A Note on Small, Locally-Owned Liquor Stores in Massachusetts and the Alcohol Sales Tax
What ever happened to the sales tax on alcoholic beverages?
In November 2010, the Massachusetts sales tax on alcoholic beverages was voted out by a margin of just under 4%. The sales tax on alcoholic beverages lasted just over one year (enacted on August 1, 2009 and repealed January 1, 2011), which is remarkable considering that Prohibition endured 13 years, surviving through three presidential administrations after its enactment.
As many residents of Massachusetts have observed, the Commonwealth has maintained a temperate mindset toward alcohol that began with the Puritan settlers, by enacting and maintaining multiple laws restricting the sale and consumption of such beverages. The Commonwealth has heavily regulated transactions involving alcohol, going so far as to forbid several practices permitted in other states including happy hours, selling alcohol on certain holidays including Thanksgiving and Christmas, and the purchase of alcohol before noon on Sundays.
Long before the sales tax was added to the purchase price of alcoholic beverages in Massachusetts, there was an excise tax in place. The tax is a fastidious one, with a rate adjusted according to the type of alcoholic beverage (beer, wine or liquor) and amount of alcohol it contains. For example, alcoholic beverages containing more than 50% alcohol are taxed at a rate of $4.05/wine gallon, Alcohol sold in containers of one gallon or less at $4.05/proof gallon, and wine at $.55/wine gallon. The proof is important in terms of taxation because the Federal Government taxes by the “Proof Gallon.” The difference between a Proof Gallon and a Wine Gallon is as follows; 200 proof, pure Ethanol has two (2) “Proof Gallons” per every one (1) gallon of Alcohol. The actual physical quantity of one (1) gallon is then referred to as a “Wine Gallon.” 190 proof Ethanol has 1.9 proof gallons per wine gallon of Ethanol.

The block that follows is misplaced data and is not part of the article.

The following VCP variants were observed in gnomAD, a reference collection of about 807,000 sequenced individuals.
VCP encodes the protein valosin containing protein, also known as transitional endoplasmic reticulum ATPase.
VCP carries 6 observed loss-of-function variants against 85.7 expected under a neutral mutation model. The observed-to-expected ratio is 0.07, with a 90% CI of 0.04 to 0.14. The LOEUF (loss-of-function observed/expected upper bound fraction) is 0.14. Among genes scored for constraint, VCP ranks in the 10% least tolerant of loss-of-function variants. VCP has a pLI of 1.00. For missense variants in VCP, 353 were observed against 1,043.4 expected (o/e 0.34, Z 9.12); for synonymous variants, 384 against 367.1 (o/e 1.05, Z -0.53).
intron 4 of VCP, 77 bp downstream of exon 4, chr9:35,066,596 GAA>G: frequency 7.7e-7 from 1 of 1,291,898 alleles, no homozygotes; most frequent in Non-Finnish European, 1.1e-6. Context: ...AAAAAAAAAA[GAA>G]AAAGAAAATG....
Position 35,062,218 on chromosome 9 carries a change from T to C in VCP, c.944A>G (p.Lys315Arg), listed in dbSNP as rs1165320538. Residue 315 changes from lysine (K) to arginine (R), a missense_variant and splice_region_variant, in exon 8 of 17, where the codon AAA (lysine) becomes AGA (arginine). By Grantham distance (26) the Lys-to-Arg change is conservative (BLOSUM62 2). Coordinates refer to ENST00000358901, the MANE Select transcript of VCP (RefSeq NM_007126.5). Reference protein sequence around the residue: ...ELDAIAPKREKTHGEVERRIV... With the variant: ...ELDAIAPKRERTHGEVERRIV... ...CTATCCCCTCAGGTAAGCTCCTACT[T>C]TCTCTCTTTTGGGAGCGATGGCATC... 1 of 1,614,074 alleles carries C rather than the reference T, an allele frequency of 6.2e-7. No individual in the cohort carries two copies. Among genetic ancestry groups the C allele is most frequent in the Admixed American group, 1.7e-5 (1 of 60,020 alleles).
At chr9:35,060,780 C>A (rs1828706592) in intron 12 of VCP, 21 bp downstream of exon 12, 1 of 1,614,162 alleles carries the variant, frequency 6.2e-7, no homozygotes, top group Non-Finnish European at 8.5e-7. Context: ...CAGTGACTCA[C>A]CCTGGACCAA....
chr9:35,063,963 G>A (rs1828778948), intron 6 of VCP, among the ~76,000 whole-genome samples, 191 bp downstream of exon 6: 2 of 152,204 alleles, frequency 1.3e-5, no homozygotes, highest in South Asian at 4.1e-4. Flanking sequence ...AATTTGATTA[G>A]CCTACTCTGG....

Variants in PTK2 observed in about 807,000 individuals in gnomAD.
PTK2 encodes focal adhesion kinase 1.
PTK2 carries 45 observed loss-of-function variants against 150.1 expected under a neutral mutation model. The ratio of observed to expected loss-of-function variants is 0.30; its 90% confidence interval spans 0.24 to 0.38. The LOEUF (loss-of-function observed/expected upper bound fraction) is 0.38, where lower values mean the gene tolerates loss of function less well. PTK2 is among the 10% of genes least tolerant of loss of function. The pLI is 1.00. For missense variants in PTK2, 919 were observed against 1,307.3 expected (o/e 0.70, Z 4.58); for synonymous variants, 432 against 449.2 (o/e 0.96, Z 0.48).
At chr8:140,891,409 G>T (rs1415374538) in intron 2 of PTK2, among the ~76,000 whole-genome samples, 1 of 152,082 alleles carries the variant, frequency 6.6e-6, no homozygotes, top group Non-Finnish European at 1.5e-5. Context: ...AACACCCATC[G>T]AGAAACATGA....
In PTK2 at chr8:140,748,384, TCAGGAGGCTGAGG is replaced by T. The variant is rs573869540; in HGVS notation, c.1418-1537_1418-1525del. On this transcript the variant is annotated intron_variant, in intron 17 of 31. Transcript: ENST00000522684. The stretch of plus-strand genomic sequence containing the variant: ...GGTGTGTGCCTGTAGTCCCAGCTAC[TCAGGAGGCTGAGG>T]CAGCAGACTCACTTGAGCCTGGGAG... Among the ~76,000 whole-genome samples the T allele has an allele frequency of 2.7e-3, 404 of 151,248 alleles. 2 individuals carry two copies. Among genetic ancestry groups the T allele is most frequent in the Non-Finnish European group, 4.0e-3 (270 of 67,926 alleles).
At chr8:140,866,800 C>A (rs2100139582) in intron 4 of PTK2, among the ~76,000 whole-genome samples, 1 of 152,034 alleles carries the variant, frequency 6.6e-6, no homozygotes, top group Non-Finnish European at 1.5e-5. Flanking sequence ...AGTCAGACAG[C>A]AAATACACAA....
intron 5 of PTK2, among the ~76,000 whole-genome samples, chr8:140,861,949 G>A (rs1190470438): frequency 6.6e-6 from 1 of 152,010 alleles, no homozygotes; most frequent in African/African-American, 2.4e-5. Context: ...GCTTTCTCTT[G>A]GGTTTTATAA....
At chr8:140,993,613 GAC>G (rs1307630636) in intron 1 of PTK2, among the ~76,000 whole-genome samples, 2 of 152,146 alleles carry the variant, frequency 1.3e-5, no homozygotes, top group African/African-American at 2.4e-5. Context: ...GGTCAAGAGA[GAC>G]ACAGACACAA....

The average purchaser of alcoholic beverages in the Commonwealth is likely unaware of this excise tax because it is absent on sales receipts, while the sales tax is clearly printed below the subtotal. The presence of the double tax that a sales tax on alcohol would create was one of the two major rationales stated by proponents of the sales tax repeal. The second criticism of the sales tax on alcohol is that it drove many customers to New Hampshire to make their purchases, putting Massachusetts liquor stores near the New Hampshire border in dire straits, and steering revenue and jobs across state lines. This is particularly troubling in Massachusetts given that most liquor stores in the state are small, locally-owned businesses as a result of the state law which forbids any person or entity from holding more than three liquor licenses in the Commonwealth for the purposes of operating a liquor store which sells alcoholic beverages that are not intended for consumption on the premises;
“No person, firm, corporation, association, or other combination of persons, directly or indirectly, or through any agent, employee, stockholder, officer or other person or any subsidiary whatsoever, shall be granted, in the aggregate, more than three such licenses in the commonwealth.”
This law gave support to the argument of those advocating for a repeal of the state sales tax on alcoholic beverages because not only did the additional tax detract from the customer base of Massachusetts liquor stores, but those liquor stores on the border of New Hampshire suffering the most were small, locally owned businesses. Although the repeal of the alcohol sales tax is a step in the right direction, repeal of all of Massachusetts’ outdated liquor laws (such as prohibiting sales before a certain time on Sundays or holidays) would benefit the Massachusetts economy by boosting the revenues of many small, locally-owned and Massachusetts-based businesses.